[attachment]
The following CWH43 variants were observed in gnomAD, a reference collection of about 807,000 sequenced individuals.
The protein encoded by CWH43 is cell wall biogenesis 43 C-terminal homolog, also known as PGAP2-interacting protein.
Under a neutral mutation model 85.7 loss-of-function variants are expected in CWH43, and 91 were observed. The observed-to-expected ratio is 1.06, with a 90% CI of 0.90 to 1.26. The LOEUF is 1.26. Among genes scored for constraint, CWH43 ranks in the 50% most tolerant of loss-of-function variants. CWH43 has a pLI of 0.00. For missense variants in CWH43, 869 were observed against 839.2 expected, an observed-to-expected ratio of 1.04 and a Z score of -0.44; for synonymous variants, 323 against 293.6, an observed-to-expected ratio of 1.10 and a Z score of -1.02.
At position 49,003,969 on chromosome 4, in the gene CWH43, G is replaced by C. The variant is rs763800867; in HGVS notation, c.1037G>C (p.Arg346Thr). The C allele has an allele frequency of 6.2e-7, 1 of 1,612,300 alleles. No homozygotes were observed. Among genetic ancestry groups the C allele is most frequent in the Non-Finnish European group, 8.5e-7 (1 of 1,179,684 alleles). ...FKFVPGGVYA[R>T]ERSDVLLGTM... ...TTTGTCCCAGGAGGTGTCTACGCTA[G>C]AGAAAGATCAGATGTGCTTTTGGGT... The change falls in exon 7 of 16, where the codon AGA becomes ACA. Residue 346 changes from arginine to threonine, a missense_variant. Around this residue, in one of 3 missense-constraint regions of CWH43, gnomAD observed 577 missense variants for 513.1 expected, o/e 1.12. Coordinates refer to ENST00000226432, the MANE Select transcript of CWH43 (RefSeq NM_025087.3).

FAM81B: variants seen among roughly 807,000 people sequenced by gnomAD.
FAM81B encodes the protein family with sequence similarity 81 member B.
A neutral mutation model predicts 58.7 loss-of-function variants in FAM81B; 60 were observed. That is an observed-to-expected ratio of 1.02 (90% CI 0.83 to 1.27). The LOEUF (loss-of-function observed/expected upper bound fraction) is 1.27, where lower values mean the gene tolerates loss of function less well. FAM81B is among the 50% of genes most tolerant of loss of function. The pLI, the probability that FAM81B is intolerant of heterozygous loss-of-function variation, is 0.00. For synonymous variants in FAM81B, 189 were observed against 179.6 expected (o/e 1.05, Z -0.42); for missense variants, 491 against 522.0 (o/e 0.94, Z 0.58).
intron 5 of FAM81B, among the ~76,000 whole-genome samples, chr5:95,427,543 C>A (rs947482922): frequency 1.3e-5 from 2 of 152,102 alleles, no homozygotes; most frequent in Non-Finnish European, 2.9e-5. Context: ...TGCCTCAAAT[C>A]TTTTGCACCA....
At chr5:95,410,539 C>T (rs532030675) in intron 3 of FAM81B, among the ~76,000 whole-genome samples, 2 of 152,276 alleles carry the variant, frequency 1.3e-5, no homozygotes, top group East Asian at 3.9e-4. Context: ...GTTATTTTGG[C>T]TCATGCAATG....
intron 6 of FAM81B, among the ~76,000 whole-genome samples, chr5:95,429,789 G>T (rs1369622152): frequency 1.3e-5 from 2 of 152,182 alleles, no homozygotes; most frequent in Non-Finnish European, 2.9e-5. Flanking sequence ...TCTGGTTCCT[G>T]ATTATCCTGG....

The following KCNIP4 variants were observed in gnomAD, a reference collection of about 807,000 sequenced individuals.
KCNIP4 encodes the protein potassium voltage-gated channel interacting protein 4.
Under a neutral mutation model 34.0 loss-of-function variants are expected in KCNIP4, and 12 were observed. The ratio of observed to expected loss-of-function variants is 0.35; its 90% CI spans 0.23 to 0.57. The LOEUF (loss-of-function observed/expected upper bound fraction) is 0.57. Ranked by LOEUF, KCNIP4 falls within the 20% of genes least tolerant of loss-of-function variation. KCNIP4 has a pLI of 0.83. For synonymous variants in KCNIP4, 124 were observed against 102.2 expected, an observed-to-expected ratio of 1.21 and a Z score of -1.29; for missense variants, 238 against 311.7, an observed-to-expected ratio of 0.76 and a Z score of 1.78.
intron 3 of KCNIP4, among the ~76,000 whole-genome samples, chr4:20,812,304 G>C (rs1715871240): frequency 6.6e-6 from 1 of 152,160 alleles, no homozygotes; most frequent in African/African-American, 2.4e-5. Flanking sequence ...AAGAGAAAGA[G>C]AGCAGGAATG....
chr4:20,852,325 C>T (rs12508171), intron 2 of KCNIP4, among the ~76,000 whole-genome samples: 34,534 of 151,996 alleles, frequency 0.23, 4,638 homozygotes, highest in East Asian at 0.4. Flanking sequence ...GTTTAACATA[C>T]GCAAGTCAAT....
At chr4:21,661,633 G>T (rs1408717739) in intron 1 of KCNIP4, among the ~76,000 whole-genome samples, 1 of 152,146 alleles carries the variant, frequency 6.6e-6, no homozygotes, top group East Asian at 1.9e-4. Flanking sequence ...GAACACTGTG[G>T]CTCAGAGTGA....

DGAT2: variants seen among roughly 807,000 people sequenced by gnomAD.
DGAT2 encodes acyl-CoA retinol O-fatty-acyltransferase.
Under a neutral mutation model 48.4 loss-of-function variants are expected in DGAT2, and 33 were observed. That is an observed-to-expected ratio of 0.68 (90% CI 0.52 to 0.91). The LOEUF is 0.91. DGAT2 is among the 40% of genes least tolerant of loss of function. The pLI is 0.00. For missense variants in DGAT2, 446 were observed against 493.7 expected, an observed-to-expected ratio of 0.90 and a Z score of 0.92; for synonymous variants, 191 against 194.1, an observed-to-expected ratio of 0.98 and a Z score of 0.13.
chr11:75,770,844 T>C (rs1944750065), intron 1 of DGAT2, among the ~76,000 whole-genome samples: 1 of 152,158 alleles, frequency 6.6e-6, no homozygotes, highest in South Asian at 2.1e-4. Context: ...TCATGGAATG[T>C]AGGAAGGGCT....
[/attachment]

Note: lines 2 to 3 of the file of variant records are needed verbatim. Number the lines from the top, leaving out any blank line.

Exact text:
The protein encoded by CWH43 is cell wall biogenesis 43 C-terminal homolog, also known as PGAP2-interacting protein.
Under a neutral mutation model 85.7 loss-of-function variants are expected in CWH43, and 91 were observed. The observed-to-expected ratio is 1.06, with a 90% CI of 0.90 to 1.26. The LOEUF is 1.26. Among genes scored for constraint, CWH43 ranks in the 50% most tolerant of loss-of-function variants. CWH43 has a pLI of 0.00. For missense variants in CWH43, 869 were observed against 839.2 expected, an observed-to-expected ratio of 1.04 and a Z score of -0.44; for synonymous variants, 323 against 293.6, an observed-to-expected ratio of 1.10 and a Z score of -1.02.